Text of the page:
Been tracking some items using Apple’s Health app on my iPhone and have come to the conclusion that most the results were caused by the recent heatwave we here in the UK experienced because now the temperature has returned to somewhat normal the tracked ite,s have stopped. I did not record the air temperature so have nothing to corroborate my idea. However it got me thinking that maybe tracking weather is important too. Conditions such as SAD (Seasonal Affected Disorder) are linked to regular metrological changes, why not other things. But where does one get relevant histoical weather data from to draw the conclusion?
I get it from openweathermap and normalize the responses to a standard time series format like this:
That’s very useful and equally embarrassing because the go to weather app on my iPhone is OpenWeatherMap’s!
Will have to look more closely at their dataset offerings.
Hey, I agree! It’s part of what we built into our mobile app at LLIF.
For example, I have recurring headaches but migraines only during certain times. By tracking my occurrence of migraines and headaches I was able to plot those events on top of the Barometric Pressure graph (among others) and learn that spikes and drops were leading to pain for me.
Totally agree that tracking weather/environment data alongside your health and symptoms is helpful. Google just announced a new weather/pollen API for global data access too.
Noticed while looking at the most recent export of data from Apple’s Health app that Workout entries include temperature and humidity, presumably extracted from the Weather app. Useful for analysing my workouts but the temperature is recorded in Farenheit whereas my iPhone has the Weather app’s default as Celsius, which isn’t a big deal per se as the conversion formula is well known (ºF-32/1.8) although decoding the specifics with SQL might prove convoluted as the values include the text “degF”. It looks rather incongruous that Imperial is used for this as other readings (e.g. Elevation Ascended) are metric oh and the humidity is given as a four digit whole number suffixed with a “%”.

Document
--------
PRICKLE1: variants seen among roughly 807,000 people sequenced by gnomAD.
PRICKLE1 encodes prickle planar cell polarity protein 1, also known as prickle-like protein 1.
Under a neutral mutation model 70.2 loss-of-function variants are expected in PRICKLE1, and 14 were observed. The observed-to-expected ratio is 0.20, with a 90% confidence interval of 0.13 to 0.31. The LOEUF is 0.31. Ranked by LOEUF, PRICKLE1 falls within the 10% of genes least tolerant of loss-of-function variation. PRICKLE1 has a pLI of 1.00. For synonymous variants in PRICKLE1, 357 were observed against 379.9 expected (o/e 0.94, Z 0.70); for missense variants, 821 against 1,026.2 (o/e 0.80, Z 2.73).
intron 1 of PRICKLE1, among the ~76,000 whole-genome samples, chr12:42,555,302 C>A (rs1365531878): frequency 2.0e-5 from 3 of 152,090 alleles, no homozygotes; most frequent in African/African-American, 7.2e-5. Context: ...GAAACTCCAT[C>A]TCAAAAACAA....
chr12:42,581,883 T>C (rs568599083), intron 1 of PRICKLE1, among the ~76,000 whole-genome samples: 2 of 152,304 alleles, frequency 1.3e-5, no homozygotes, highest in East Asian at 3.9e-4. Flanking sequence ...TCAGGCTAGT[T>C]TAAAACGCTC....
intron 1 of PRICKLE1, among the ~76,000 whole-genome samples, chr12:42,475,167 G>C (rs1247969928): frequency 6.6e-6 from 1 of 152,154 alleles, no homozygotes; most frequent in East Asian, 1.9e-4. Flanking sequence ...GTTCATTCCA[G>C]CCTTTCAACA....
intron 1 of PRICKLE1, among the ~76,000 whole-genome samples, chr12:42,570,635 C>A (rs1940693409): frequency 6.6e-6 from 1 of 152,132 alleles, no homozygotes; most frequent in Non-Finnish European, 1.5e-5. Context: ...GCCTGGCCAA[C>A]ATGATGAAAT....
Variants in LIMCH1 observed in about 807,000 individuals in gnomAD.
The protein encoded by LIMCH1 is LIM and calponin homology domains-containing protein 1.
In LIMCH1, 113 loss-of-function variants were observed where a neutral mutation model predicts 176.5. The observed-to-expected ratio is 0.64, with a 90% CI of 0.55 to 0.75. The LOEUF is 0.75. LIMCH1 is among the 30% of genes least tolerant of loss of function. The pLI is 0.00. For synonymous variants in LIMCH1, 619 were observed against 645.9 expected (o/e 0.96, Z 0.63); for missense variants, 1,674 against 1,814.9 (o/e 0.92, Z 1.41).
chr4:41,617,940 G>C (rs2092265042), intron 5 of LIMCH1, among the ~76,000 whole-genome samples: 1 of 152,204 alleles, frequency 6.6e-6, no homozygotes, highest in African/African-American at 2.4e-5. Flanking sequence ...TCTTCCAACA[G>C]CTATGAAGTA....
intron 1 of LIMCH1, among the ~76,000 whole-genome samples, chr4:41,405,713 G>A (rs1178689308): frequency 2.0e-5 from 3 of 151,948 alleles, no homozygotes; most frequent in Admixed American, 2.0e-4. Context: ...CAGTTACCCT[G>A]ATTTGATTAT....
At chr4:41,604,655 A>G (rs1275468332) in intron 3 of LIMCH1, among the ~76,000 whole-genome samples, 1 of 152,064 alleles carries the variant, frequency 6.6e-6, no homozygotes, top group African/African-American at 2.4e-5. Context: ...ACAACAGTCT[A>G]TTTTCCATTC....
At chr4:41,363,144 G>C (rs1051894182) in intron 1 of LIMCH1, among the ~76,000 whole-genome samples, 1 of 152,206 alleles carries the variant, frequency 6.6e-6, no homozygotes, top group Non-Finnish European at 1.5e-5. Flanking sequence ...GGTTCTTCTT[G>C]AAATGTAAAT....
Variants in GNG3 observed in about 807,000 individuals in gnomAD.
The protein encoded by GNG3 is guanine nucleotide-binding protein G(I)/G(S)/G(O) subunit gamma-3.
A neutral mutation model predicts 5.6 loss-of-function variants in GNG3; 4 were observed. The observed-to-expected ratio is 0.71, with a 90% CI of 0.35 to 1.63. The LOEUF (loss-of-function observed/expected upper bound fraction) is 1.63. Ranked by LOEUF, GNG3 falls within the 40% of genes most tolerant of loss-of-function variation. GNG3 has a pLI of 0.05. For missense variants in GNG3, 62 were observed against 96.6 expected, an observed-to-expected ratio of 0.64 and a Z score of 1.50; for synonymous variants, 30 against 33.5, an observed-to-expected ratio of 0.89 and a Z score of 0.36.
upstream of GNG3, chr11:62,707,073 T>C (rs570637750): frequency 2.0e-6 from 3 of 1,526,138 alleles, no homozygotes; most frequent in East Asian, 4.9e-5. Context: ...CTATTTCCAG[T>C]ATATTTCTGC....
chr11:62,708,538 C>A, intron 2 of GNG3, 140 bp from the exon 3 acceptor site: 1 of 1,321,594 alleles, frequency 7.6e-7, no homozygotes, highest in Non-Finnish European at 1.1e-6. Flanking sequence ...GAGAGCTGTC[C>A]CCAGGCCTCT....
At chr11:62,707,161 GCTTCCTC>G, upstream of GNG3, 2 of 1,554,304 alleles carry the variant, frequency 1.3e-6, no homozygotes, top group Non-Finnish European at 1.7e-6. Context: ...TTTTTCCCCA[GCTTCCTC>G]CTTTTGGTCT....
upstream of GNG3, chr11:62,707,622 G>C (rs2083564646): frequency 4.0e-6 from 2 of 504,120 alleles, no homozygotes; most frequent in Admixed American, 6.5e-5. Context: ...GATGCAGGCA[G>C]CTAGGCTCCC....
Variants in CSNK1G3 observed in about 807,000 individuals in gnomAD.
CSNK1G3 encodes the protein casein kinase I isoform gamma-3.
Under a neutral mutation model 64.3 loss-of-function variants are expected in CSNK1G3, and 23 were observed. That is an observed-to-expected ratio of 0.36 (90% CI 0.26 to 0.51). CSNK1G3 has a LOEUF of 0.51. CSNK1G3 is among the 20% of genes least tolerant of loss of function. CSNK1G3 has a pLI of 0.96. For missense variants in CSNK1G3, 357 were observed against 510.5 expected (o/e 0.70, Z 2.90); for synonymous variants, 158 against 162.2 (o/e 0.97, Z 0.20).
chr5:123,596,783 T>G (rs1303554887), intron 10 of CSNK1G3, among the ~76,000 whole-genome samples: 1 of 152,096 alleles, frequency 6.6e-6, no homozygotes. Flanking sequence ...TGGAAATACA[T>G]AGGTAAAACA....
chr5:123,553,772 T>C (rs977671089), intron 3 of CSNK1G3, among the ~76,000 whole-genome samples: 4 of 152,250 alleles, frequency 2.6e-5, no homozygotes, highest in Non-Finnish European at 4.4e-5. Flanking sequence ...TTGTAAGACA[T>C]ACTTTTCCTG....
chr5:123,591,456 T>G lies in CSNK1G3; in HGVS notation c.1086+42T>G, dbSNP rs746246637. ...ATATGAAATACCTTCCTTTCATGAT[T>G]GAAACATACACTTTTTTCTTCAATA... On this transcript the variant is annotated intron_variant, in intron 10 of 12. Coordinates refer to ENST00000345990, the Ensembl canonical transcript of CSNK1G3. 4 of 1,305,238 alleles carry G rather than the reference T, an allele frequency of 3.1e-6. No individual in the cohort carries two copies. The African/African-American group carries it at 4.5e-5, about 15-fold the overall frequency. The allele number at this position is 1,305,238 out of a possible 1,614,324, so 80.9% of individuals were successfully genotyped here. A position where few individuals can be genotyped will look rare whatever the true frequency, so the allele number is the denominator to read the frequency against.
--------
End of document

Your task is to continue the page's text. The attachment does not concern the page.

There do not appear to be other record types that include metrological data. The need to access historical values would still be necessary.
CDC tracks a lot of data. Some of it is useful to continuous health tracking like AQI. Its available here: National Environmental Public Health Tracking Network | Home (cdc.gov) Also contains lots of data & visualization.
Major show stopper there. CDC does not cover the place where I move and have my being namely the United Kingdom. The quasi-government department of The Met Office her in the UK does provide some current data but nothing historical.